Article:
Q&A of the Day – 2022 Midterms - The Generational Political Divide
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Today’s Entry: @brianmuddradio Was the Gen Z vote for Democrats any bigger than other generations in previous elections? A generational shift is what’s scariest to me.
Bottom Line: I’ll start by saying thank you for the myriad of amazing questions which have rolled in over the past few days. I’ll be featuring many in upcoming Q&A’s. I was tempted to go with a Florida/DeSantis angle for today’s Q&A, or even to have fun on a Friday after an especially long week, by comparing/contrasting the demise of The Sun Sentinel to Florida’s Democrat party...for the purpose of determining South Florida’s biggest loser. But alas, you might say it’s all a similar hellscape. While we continue to await states who still haven’t figured out how to count votes, to determine control of congress (along with potentially another pivotal Georgia runoff election) ...the exercise of serious soul-searching for Republicans outside the state of Florida is already underway as it should be, regardless of the final congressional result. The fact of the matter is that by any historical measure Republicans significantly underperformed everywhere but in Florida. As always there are two sides to stories and one side to facts. In an analytical evaluation of why this happened there is one extremely specific answer that’s more accurate, more telling, and longer lasting and it answers today’s question. My little place in the world is to provide analytics and subsequent analysis you don’t get anywhere else. So, I’ll kick off the conversation with this important first declarative. The narrative that it’s bad Trump candidates that led Republican underperformance is utter bunk and BS which retains no basis in provable reality.
Narratives are easy, they don’t require anything more than hot takes. They’re even easier to advance when you have record Republican performance in Florida as an outlier to the country at large. There’s only one problem with that attempted narrative. Does anyone advancing it not realize the irony? Ron DeSantis is the ultimate Trump candidate. Have we not heard from the governor’s detractors and supporters alike for four years that he’s Trump without “the bad stuff”? The reason Ron DeSantis led a historical wave in our state on Tuesday is precisely because he’s governed like Trump but “without the bad stuff”. So now, the premise as to why the under-performance.
Here’s a look at the voter breakout in the 2014 midterm elections which represented a historical high-water mark congressionally for the Republican party.
How voters broke based on age:
- 18-29: D+13
- 30-44: D+6
- 45-64: R+8
- 65+: R+16
That breakout, following the historical trend lines of voters becoming more conservative with age, led to Republicans controlling both chambers of congress by the end of the cycle with 246 House seats and 54 Senate seats. Here’s what happened Tuesday:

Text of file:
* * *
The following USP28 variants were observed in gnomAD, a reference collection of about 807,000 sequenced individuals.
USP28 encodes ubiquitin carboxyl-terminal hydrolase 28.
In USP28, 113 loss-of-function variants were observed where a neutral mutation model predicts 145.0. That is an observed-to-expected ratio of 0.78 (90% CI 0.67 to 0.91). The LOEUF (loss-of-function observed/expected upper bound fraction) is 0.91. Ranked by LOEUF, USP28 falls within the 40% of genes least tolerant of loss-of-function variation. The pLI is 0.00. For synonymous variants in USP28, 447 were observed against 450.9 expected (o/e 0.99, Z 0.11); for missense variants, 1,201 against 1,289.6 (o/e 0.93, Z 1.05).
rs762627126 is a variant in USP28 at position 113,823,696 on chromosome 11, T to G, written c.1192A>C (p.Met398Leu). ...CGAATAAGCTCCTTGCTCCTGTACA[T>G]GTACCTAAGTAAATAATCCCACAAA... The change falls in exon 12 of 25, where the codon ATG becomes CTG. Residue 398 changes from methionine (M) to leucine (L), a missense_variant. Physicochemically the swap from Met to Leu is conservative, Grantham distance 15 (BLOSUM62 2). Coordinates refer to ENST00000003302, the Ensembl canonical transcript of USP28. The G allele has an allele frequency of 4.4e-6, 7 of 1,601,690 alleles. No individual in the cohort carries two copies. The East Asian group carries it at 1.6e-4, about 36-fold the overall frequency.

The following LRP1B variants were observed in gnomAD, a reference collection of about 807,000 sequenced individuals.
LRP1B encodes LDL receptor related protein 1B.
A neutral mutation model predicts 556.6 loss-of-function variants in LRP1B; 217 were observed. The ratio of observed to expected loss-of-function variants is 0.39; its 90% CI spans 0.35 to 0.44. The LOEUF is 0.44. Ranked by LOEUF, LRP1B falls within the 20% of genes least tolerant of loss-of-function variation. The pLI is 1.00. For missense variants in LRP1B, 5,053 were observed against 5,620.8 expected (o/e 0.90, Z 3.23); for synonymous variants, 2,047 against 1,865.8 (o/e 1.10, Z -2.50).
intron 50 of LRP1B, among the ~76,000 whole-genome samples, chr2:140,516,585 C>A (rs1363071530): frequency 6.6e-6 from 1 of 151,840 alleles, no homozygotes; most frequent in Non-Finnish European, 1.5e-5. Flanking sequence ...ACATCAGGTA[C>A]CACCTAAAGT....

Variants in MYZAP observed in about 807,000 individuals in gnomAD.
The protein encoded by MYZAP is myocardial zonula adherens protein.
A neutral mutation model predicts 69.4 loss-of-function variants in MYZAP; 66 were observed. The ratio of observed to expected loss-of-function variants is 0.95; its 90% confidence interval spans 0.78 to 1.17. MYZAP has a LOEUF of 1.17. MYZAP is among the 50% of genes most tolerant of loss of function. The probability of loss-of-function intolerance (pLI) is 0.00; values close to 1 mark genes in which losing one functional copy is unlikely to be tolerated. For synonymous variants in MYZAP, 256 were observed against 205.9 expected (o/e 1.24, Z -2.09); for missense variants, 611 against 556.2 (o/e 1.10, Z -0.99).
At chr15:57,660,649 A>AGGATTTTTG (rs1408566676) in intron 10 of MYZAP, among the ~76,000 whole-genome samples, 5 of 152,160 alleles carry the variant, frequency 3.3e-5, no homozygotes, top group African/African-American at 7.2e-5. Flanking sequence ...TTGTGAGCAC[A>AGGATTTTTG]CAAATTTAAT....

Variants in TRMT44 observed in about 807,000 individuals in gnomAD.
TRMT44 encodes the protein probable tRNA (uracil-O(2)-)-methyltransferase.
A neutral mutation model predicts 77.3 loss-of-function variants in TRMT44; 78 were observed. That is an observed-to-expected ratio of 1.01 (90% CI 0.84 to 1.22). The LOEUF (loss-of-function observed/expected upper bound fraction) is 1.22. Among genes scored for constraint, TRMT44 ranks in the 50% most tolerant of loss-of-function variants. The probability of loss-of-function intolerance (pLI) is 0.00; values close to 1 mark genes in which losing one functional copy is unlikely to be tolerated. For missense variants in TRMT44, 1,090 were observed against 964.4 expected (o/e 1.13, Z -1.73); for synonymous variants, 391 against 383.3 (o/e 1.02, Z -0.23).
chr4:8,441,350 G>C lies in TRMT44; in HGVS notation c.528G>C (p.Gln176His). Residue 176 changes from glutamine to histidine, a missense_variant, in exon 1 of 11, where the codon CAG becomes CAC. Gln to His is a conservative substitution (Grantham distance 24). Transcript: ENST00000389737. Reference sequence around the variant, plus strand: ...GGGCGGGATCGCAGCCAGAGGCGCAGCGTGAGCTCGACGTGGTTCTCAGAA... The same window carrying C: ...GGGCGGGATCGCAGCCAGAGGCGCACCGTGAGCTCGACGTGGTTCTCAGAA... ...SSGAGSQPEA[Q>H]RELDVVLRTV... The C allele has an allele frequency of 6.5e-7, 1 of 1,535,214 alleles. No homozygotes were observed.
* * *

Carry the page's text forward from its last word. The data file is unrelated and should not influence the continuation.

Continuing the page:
- 18-29: D+28
- 30-44: D+2
- 45-64: R+11
- 65+: R+13
It’s hard to understate how remarkable these comparisons are and how politics is being radically reshaped by Gen Z. Had Gen Z simply voted in line with how Millennials did close to a decade ago we wouldn’t have just had a red wave nationally, it would have been a tsunami al la what happened in Florida just about everywhere with all of those “bad Trump” candidates winning across the board. Notably, we’re seeing that Millennials are 4% more conservative than Gen Xer’s at the same age. We’re seeing that Gen Xer’s are 3% more conservative than Boomers at the same age, while we’re seeing older Boomers who voted 3% less conservatively than their parents. Here’s the first remarkable takeaway from that exercise. Adults 30 and older voted more conservatively on Tuesday than they did during the midterm election which led to the all-time high watermark for Republicans congressionally. So, go on and tell me about how if it only just wasn’t for all of those bad Trump candidates... how do explain that one? This isn’t meant to support or endorse a bunch of failed Trump-supported candidates, it’s just matter of fact. There is but one reason, and one reason alone, that there wasn’t a tsunami, a wave and potentially not even much more than a status quo election...Gen Z’s radical leftward turn. Gen Z breaking for Democrats by 15% more than Millennials at the same age is a political transformation of sorts that became the ultimate neutralizer on Tuesday.
There’s zero supporting evidence that the most liberal generation on record would have voted for Republicans if only they were the “good” establishment Republican candidates. There’s something in here for everybody at a certain level. Republicans can feel good about Millennials not only following the historical pattern of finding common political sense as they’ve established themselves in the real world with families, but by becoming more conservative more quickly than their parents. The GOP can also feel good about Xer’s becoming more conservative in voting patterns than their parents at the same age. But Democrats can be thrilled that the kids with ballots are starting out from the most leftist positioning we’ve seen in the post-30's data analytics age.